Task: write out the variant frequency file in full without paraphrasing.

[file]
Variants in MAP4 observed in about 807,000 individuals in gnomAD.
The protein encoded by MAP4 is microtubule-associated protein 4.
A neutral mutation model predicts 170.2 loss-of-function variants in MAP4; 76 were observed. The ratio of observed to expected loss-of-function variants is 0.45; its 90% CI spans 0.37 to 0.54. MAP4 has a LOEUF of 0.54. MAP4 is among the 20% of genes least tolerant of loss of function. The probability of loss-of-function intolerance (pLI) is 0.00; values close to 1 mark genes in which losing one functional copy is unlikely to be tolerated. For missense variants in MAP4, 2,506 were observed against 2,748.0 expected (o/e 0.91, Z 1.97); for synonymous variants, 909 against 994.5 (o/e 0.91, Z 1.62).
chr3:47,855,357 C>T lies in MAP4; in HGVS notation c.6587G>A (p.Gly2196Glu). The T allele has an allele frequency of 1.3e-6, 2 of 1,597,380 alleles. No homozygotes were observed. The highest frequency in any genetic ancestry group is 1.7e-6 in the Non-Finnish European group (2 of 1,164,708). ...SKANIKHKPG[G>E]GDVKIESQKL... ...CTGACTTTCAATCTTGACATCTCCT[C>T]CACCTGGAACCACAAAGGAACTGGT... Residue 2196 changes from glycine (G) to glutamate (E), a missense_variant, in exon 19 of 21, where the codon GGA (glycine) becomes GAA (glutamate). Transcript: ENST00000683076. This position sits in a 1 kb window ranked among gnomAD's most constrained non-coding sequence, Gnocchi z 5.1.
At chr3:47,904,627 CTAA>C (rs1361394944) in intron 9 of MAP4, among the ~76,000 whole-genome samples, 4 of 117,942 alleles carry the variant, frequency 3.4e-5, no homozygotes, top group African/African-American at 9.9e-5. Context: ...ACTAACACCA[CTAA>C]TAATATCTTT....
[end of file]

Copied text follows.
Variants in MAP4 observed in about 807,000 individuals in gnomAD.
The protein encoded by MAP4 is microtubule-associated protein 4.
A neutral mutation model predicts 170.2 loss-of-function variants in MAP4; 76 were observed. The ratio of observed to expected loss-of-function variants is 0.45; its 90% CI spans 0.37 to 0.54. MAP4 has a LOEUF of 0.54. MAP4 is among the 20% of genes least tolerant of loss of function. The probability of loss-of-function intolerance (pLI) is 0.00; values close to 1 mark genes in which losing one functional copy is unlikely to be tolerated. For missense variants in MAP4, 2,506 were observed against 2,748.0 expected (o/e 0.91, Z 1.97); for synonymous variants, 909 against 994.5 (o/e 0.91, Z 1.62).
chr3:47,855,357 C>T lies in MAP4; in HGVS notation c.6587G>A (p.Gly2196Glu). The T allele has an allele frequency of 1.3e-6, 2 of 1,597,380 alleles. No homozygotes were observed. The highest frequency in any genetic ancestry group is 1.7e-6 in the Non-Finnish European group (2 of 1,164,708). ...SKANIKHKPG[G>E]GDVKIESQKL... ...CTGACTTTCAATCTTGACATCTCCT[C>T]CACCTGGAACCACAAAGGAACTGGT... Residue 2196 changes from glycine (G) to glutamate (E), a missense_variant, in exon 19 of 21, where the codon GGA (glycine) becomes GAA (glutamate). Transcript: ENST00000683076. This position sits in a 1 kb window ranked among gnomAD's most constrained non-coding sequence, Gnocchi z 5.1.
At chr3:47,904,627 CTAA>C (rs1361394944) in intron 9 of MAP4, among the ~76,000 whole-genome samples, 4 of 117,942 alleles carry the variant, frequency 3.4e-5, no homozygotes, top group African/African-American at 9.9e-5. Context: ...ACTAACACCA[CTAA>C]TAATATCTTT....